Modeling Density and Mechanical Properties in Norway Spruce (Picea abies (L.) Karst.) by Forest Inventory Data
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- Master's theses (INA)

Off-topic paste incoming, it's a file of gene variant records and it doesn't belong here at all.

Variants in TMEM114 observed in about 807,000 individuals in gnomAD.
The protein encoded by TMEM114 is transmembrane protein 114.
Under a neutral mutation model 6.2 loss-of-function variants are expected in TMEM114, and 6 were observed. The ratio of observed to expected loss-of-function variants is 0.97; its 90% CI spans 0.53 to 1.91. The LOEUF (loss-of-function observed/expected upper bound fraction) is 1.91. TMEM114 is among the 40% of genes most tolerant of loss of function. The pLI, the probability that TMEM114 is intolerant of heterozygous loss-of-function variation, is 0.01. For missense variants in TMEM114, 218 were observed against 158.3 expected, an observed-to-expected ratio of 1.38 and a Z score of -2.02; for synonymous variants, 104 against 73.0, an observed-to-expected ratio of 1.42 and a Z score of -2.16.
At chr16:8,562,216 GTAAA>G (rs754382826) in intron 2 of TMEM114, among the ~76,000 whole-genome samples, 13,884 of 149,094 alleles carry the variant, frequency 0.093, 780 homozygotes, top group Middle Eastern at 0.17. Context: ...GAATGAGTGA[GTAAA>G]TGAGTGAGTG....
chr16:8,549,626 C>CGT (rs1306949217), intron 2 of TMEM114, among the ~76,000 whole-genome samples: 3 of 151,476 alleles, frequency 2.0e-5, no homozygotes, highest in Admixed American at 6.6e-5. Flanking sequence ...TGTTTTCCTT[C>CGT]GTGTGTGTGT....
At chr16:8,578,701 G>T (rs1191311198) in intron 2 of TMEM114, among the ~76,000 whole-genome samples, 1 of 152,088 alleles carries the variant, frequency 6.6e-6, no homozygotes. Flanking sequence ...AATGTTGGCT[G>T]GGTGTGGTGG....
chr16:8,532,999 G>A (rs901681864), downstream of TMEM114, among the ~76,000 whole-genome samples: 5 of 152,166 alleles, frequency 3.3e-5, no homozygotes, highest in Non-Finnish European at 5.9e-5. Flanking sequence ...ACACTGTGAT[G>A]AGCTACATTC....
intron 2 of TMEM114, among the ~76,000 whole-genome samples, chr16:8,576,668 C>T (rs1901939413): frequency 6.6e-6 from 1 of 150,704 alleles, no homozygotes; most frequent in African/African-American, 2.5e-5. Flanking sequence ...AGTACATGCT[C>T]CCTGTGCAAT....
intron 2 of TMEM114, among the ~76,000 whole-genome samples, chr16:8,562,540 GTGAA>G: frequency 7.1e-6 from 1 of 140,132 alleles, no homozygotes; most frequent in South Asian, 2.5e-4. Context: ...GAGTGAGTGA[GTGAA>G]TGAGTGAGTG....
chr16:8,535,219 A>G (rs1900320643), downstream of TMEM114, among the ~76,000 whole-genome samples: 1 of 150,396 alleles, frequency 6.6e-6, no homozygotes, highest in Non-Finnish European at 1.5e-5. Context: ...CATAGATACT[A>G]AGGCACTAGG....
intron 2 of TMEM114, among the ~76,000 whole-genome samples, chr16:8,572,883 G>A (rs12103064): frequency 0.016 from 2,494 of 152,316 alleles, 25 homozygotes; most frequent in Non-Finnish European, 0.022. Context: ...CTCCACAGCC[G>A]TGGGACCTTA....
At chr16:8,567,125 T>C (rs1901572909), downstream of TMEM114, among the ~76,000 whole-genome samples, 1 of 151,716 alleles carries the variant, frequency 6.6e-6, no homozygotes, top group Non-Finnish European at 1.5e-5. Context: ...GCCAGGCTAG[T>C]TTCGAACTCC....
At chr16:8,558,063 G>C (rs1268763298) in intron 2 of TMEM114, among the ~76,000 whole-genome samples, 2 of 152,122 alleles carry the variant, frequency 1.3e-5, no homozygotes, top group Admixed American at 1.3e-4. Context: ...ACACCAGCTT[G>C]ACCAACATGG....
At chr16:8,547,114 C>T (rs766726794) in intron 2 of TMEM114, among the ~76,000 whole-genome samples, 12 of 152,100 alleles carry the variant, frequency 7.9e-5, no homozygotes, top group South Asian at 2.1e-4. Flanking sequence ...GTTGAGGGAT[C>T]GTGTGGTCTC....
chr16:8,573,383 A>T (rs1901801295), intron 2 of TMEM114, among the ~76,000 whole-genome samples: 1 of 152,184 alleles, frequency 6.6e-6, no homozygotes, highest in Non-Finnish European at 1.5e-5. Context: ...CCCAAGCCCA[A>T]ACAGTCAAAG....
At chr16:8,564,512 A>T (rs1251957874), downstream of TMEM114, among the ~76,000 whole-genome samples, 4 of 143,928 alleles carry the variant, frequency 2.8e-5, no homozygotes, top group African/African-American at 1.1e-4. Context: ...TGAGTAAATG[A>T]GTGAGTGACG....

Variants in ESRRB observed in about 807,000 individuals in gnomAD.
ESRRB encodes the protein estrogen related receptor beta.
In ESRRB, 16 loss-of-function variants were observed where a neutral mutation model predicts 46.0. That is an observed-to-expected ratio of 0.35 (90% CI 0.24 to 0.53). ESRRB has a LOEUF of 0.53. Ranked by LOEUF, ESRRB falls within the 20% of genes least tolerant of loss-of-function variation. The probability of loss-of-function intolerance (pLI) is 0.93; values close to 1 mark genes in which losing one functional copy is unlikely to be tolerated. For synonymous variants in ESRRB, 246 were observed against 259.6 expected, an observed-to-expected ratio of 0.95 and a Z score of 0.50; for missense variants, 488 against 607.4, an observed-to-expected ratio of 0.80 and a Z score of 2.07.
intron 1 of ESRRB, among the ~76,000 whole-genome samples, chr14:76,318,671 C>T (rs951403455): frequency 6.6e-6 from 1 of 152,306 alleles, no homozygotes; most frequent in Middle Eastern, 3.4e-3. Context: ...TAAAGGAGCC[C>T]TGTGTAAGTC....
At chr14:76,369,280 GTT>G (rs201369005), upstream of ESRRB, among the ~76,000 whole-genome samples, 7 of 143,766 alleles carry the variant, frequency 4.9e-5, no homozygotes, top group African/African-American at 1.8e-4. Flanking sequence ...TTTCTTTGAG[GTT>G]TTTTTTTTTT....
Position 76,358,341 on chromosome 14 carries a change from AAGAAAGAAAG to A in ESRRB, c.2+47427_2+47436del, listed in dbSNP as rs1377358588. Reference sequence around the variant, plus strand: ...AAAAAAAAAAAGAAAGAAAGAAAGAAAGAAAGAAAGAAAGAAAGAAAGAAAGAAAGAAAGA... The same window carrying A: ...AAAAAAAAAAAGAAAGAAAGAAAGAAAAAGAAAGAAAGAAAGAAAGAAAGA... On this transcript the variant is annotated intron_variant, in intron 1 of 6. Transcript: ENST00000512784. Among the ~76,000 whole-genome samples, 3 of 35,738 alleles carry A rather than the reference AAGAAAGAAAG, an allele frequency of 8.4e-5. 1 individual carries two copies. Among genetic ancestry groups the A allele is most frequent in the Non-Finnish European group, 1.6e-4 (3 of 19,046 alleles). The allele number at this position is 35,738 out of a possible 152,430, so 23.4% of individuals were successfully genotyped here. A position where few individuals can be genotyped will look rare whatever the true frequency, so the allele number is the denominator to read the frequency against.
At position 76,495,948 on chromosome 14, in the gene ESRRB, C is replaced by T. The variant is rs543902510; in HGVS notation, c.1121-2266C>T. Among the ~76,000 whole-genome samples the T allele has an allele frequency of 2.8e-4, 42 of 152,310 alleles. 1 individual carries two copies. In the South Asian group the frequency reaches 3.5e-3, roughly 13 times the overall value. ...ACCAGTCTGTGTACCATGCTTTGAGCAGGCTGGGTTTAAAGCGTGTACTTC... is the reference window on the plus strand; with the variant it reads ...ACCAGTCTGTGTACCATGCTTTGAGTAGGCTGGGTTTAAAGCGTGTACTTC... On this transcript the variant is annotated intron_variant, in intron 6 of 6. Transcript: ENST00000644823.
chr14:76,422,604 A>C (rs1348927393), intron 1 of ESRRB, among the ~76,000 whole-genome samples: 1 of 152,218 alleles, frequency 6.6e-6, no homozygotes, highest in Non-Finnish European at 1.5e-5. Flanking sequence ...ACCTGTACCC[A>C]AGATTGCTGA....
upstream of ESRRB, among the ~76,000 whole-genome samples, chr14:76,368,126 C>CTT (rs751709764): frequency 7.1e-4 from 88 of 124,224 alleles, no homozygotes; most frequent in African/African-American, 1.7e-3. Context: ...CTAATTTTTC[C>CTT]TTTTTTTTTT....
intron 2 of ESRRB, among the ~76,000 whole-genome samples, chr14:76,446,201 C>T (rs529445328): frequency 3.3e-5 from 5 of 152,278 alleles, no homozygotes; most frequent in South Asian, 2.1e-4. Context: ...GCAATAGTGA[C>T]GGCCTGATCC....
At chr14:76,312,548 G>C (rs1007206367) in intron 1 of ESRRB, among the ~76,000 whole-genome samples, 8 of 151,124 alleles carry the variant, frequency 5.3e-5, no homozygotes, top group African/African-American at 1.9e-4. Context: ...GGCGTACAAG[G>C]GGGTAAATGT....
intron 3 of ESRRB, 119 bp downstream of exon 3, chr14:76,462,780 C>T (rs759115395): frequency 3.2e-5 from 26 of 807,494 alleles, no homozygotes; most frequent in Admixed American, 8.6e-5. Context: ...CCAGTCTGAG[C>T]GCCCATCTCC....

The properties of Norwegian timber varies greatly, but no quality sorting is done before the logs are sawn to boards at the sawmills. This means that large amounts of timber with wide variation in quality pass through the grading system, resulting in a smaller yield in the higher strength classes. The requirements for structural timber are getting higher due to stricter safety margins in new standards. Still, forest owners are only rewarded by the volume the timber contains, and not based upon the strength of the timber. Thus, forest owners don't focus on which strength classes the timber belongs to during harvesting which causes a grading loss in higher strength classes. To meet the requirements from producers and customers, a more correct description of the timber is of importance. To achieve this, an earlier sorting and a more precise prediction of the wood properties is necessary. In this study, the timber properties are predicted by forest inventory data to investigate the potential of presorting by the use of variable at site, tree and log level. Density, modulus of elasticity (MOE) and modulus of rupture (MOR) were measured on 1206 boards from 205 Norway spruce (Picea abies (L.) Karst.) trees, sampled from 14 sites in south-eastern Norway. The variability of the properties was analyzed in linear mixed models where the random variance was divided into site variance, tree variance and residual variance. Variables at stand level, tree level, log level and board level were treated as fixed effects, and added as covariates to the model. For density, relative log height in tree (Hrel), expressed as the ratio of the position of one log to the total tree height, was the most important fixed effect, and density increased with increasing relative log height. For MOE, both the H/D-ratio, defined as the ratio of tree height to DBH of each selected tree, DBH and the interaction between Hrel and DBH were important fixed effects. MOE increased with increasing H/D-ratio and interaction between Hrel and DBH, while it decreased with increasing DBH. For MOR, DBH was the most important fixed effect, and MOR decreased with increasing DBH. Variance due to site accounts for a smaller proportion of the total variance in MOE and MOR than in density, while the within-tree variance accounts for a larger proportion of the variance in MOE and MOR than in density. Density is better explained than MOE and MOR at stand level, while this difference is much smaller, and partly opposite when also tree and log variables are included. This is probably because the density varies quite a lot at stand level, while MOE and MOR are also influenced by knots and other defects which may vary between trees and within trees. Since the strength properties are explained differently on stand, tree and log level, this means that the potential for sorting at different levels are not equal for density, MOE and MOR. For density, variables at stand, tree and log level reduced the site and tree variance to a greater extent than IP-value from Dynagrade. For MOE and MOR, variables at stand, tree and log level alone did not reduce the site and tree variance to a greater extent than IP-value, but the contribution from these variables improved the grading in combination with Dynagrade. Presorting using forest inventory data has the potential of improving the grading yield, but an implementation in the forest industry will require great effort and a desire from the entire value chain to be feasible.